Gazprom has been waging an intense media public relations war about the gas cut-off, in order to try to avoid adverse reaction as in the previous cut-offs.

Ukraine has paid $1.5 billion - to ROSUKRENERGO - for gas for which it owed money.

One of the sticking points is that Gazprom wants Naftohaz to pay an additional $600 million, or over 1/2 BILLION in --- PENALTIES, before it will engage in talks for new contracts.

RosUkrEnergo, as everyone knows, and as is well documented by Roman Kupchinsky, among others, is a corrupt slush fund entity consisting, in part, of a few Gazprom insiders who benefit personally from these deals.

So here we are - what kind of contract has practically more in PENALTIES than the contract itself - 1/2 BILLION dollars?

Apparently, some Gazprom insiders, through the slush fund RosUkrEnergo, are hoping for a nice, big fat present for New Year's.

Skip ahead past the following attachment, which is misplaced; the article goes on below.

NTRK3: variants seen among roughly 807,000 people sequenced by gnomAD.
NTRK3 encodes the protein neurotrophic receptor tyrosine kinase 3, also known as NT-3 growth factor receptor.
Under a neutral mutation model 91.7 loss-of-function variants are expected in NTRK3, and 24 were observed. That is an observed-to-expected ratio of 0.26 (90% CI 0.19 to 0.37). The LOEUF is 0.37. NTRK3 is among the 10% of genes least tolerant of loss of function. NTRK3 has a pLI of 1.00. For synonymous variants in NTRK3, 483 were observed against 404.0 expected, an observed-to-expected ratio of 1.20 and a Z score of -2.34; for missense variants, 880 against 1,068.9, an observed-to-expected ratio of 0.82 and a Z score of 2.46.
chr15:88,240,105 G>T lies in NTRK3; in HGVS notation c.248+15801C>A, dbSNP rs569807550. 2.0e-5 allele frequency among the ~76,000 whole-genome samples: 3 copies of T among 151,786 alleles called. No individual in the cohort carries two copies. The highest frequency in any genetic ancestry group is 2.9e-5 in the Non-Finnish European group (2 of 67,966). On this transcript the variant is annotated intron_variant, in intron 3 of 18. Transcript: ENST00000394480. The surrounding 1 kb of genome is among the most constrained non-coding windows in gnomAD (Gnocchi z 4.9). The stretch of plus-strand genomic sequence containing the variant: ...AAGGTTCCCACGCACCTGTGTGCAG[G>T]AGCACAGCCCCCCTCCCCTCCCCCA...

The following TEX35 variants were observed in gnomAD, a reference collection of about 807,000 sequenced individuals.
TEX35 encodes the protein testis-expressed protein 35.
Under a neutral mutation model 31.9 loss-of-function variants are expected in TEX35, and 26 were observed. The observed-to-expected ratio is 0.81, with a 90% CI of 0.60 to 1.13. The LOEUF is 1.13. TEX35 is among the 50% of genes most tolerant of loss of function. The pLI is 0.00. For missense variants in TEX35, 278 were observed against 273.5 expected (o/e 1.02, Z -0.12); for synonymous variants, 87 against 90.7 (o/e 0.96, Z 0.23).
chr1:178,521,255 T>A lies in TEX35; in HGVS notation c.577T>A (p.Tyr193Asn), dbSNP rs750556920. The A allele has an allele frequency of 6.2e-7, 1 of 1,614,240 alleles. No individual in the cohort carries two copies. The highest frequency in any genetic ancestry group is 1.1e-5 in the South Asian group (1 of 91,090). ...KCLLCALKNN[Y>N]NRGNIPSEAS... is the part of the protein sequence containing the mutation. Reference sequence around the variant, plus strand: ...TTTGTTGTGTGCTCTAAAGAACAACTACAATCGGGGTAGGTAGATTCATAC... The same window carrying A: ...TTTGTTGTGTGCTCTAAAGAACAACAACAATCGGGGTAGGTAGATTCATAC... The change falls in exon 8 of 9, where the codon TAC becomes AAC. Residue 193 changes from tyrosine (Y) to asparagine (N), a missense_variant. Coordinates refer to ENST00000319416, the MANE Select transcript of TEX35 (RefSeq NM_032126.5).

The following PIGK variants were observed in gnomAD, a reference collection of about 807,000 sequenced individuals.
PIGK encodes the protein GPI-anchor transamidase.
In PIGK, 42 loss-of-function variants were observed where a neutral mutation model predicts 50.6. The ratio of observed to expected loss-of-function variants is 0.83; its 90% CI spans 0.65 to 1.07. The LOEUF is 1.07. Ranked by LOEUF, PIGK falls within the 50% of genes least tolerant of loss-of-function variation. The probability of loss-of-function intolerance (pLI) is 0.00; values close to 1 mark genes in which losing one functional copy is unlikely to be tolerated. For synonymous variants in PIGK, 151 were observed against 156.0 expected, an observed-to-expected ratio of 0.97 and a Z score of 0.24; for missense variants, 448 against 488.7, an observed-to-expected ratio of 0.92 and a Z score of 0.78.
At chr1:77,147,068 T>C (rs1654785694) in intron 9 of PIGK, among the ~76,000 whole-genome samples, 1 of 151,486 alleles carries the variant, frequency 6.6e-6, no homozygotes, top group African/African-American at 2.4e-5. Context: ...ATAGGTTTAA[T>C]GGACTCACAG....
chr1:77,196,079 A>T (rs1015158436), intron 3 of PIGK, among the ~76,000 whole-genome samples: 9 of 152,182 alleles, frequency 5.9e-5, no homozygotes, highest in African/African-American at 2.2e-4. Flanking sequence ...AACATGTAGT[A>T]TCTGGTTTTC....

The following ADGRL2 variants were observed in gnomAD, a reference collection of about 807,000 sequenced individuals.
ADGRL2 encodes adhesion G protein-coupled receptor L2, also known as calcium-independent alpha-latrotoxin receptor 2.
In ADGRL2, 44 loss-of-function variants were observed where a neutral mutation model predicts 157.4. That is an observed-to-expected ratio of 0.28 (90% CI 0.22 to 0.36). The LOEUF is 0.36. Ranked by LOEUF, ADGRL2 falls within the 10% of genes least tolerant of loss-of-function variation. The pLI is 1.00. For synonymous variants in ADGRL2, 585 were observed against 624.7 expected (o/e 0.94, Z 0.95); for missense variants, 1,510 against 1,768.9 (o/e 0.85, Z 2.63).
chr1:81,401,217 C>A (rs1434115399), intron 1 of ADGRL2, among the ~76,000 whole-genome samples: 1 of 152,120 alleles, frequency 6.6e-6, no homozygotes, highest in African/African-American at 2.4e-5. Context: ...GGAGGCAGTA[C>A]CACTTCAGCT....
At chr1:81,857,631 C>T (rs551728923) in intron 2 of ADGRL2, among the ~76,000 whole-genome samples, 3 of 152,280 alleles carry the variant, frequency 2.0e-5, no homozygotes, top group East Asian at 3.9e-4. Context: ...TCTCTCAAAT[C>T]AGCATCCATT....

They ought to be sent to Siberia instead.

elmer said...

Here are 2 excellent articles about this mess, without all of the Gazprom/rooshan drama queen hysteria:

Note the excerpt from the second article about ROSUKRENERGO, which raises its ugly head ---- again:

In this dispute, the role of an opaque gas trading company that is the exclusive intermediary for shipments to Ukraine is one lever of influence, Perepelitsa added.

The Swiss-based trader, RosUkrEnergo, is half owned by Gazprom and half by a Ukrainian businessman, Dmitry Firtash, who has ties to the country's president.

RosUkrEnergo buys gas from Gazprom and Central Asian suppliers at rates below those charged in Europe, re-sells most to Ukraine, but exports a portion to higher paying European nations such as Poland for a profit.

Half the profit reverts to Gazprom and the rest flows to Firtash and his partners. Critics say the arrangement at best creates a conflict of interest woven into the business and political elite of Ukraine, and is corruption at worst.

The deal is unpopular in Ukraine and controversy deepened when Yushchenko's press aide conceded that the president had met several times with Firtash after the 2006 agreement that made RosUkrEnergo the exclusive supplier.

Raising prices on RosUkrEnergo thus undermines Yushchenko's ally in business, Perepeliltsa said.